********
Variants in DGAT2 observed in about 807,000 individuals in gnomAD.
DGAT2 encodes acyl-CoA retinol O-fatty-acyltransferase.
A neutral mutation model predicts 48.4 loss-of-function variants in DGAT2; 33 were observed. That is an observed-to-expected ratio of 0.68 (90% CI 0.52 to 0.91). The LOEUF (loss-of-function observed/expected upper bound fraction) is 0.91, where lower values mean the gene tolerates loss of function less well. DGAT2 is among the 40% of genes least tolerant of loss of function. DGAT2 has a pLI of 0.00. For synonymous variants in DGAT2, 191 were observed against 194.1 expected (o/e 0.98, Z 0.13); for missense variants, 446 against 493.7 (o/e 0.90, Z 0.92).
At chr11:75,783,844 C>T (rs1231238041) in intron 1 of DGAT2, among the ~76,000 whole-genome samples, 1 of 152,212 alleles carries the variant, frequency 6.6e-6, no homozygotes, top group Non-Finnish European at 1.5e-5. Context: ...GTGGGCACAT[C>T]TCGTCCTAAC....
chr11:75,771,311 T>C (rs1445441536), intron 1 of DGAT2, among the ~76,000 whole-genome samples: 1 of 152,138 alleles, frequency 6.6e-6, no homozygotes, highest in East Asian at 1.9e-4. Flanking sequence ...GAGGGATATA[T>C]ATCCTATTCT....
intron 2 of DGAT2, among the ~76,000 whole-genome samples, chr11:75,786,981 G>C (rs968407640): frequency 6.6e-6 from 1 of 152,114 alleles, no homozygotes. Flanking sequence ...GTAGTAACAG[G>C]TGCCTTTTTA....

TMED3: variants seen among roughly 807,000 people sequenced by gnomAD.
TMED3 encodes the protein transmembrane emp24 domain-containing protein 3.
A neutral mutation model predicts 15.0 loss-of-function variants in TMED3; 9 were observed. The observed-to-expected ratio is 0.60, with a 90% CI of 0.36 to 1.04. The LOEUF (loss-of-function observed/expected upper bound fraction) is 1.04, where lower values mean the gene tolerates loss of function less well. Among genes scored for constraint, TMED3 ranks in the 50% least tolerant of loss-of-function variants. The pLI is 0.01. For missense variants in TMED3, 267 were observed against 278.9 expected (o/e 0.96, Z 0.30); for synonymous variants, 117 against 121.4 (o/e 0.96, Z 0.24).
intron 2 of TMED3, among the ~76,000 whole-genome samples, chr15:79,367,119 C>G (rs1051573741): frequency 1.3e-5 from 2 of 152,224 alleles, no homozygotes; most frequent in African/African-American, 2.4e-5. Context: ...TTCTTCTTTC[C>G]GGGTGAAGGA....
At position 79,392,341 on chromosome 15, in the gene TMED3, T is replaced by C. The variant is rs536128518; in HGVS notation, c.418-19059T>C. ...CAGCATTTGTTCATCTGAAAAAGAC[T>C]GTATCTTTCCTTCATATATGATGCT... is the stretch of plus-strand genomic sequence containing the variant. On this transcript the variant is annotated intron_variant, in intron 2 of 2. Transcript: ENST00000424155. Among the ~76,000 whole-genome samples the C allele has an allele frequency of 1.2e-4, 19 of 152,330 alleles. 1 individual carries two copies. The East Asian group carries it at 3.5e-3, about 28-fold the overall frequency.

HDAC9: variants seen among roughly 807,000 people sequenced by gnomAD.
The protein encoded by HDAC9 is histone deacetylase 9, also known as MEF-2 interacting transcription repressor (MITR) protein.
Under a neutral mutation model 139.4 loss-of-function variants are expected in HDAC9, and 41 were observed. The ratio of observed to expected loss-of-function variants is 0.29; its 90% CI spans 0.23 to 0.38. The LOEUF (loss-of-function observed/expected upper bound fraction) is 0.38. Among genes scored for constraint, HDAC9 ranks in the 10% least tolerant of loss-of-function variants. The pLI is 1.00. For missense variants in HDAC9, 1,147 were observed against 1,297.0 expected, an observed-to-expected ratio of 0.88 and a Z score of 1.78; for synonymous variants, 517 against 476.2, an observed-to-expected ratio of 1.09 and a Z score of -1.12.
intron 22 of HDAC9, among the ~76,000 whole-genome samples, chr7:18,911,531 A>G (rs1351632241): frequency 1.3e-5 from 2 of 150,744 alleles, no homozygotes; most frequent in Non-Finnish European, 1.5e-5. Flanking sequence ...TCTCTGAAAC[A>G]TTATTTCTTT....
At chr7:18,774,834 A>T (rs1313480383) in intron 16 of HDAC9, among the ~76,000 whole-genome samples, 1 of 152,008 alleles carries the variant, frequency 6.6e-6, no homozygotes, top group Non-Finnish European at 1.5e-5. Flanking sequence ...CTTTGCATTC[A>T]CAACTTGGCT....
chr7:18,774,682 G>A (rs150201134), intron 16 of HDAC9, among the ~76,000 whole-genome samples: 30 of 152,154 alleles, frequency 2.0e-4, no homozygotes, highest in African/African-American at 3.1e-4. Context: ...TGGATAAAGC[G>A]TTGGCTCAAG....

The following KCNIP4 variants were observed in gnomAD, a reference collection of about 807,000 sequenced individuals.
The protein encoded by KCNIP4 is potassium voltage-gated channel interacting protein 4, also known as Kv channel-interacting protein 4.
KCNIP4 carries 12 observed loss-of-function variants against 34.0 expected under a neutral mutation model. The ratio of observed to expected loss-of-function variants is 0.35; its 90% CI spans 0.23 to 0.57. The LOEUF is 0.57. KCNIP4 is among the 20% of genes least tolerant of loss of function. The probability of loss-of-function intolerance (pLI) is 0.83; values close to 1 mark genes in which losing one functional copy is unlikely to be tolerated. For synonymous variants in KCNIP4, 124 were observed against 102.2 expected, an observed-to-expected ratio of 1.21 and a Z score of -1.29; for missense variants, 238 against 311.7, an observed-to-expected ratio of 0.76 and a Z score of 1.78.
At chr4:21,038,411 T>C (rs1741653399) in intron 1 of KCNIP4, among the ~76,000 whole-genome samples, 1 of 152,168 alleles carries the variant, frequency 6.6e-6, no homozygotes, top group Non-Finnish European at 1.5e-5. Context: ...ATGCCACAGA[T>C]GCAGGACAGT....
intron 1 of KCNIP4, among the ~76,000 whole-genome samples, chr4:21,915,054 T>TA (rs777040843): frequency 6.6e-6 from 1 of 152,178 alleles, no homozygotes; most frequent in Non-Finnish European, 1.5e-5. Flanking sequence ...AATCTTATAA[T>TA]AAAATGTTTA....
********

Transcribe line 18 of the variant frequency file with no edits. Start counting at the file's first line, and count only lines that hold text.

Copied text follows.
The following KCNIP4 variants were observed in gnomAD, a reference collection of about 807,000 sequenced individuals.